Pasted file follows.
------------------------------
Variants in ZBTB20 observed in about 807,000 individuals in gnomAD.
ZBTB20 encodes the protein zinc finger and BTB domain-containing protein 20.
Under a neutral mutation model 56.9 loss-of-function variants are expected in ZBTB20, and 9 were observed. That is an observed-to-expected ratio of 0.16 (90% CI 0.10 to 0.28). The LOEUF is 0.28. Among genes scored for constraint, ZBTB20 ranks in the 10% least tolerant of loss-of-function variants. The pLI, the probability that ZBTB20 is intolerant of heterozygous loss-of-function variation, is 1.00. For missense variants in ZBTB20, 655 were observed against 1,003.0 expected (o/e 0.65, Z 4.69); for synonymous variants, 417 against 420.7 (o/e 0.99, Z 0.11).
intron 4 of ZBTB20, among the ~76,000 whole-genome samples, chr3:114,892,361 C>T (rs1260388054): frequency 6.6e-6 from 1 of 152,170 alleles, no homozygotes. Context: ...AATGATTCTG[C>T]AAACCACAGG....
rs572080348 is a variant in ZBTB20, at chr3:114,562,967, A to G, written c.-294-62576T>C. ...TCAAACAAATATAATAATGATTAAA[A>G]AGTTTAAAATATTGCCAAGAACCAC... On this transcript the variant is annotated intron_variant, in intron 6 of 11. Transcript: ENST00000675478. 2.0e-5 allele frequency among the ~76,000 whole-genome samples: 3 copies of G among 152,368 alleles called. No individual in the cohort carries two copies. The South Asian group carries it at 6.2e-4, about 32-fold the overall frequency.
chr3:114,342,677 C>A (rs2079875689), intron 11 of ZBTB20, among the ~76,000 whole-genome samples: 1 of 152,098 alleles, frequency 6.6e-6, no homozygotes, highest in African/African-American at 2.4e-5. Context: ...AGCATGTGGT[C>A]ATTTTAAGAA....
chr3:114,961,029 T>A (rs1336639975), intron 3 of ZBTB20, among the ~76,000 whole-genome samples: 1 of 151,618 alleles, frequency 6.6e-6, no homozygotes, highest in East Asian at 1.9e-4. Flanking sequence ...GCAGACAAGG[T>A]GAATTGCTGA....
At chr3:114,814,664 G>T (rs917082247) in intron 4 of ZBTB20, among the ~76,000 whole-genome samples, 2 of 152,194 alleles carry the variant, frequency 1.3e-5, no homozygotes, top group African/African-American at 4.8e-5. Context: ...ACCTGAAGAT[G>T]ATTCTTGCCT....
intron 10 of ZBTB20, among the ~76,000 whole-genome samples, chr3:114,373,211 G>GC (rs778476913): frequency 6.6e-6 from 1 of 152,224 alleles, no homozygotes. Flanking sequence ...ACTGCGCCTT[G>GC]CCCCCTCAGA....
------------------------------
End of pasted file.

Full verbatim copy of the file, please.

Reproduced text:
Variants in ZBTB20 observed in about 807,000 individuals in gnomAD.
ZBTB20 encodes the protein zinc finger and BTB domain-containing protein 20.
Under a neutral mutation model 56.9 loss-of-function variants are expected in ZBTB20, and 9 were observed. That is an observed-to-expected ratio of 0.16 (90% CI 0.10 to 0.28). The LOEUF is 0.28. Among genes scored for constraint, ZBTB20 ranks in the 10% least tolerant of loss-of-function variants. The pLI, the probability that ZBTB20 is intolerant of heterozygous loss-of-function variation, is 1.00. For missense variants in ZBTB20, 655 were observed against 1,003.0 expected (o/e 0.65, Z 4.69); for synonymous variants, 417 against 420.7 (o/e 0.99, Z 0.11).
intron 4 of ZBTB20, among the ~76,000 whole-genome samples, chr3:114,892,361 C>T (rs1260388054): frequency 6.6e-6 from 1 of 152,170 alleles, no homozygotes. Context: ...AATGATTCTG[C>T]AAACCACAGG....
rs572080348 is a variant in ZBTB20, at chr3:114,562,967, A to G, written c.-294-62576T>C. ...TCAAACAAATATAATAATGATTAAA[A>G]AGTTTAAAATATTGCCAAGAACCAC... On this transcript the variant is annotated intron_variant, in intron 6 of 11. Transcript: ENST00000675478. 2.0e-5 allele frequency among the ~76,000 whole-genome samples: 3 copies of G among 152,368 alleles called. No individual in the cohort carries two copies. The South Asian group carries it at 6.2e-4, about 32-fold the overall frequency.
chr3:114,342,677 C>A (rs2079875689), intron 11 of ZBTB20, among the ~76,000 whole-genome samples: 1 of 152,098 alleles, frequency 6.6e-6, no homozygotes, highest in African/African-American at 2.4e-5. Context: ...AGCATGTGGT[C>A]ATTTTAAGAA....
chr3:114,961,029 T>A (rs1336639975), intron 3 of ZBTB20, among the ~76,000 whole-genome samples: 1 of 151,618 alleles, frequency 6.6e-6, no homozygotes, highest in East Asian at 1.9e-4. Flanking sequence ...GCAGACAAGG[T>A]GAATTGCTGA....
At chr3:114,814,664 G>T (rs917082247) in intron 4 of ZBTB20, among the ~76,000 whole-genome samples, 2 of 152,194 alleles carry the variant, frequency 1.3e-5, no homozygotes, top group African/African-American at 4.8e-5. Context: ...ACCTGAAGAT[G>T]ATTCTTGCCT....
intron 10 of ZBTB20, among the ~76,000 whole-genome samples, chr3:114,373,211 G>GC (rs778476913): frequency 6.6e-6 from 1 of 152,224 alleles, no homozygotes. Flanking sequence ...ACTGCGCCTT[G>GC]CCCCCTCAGA....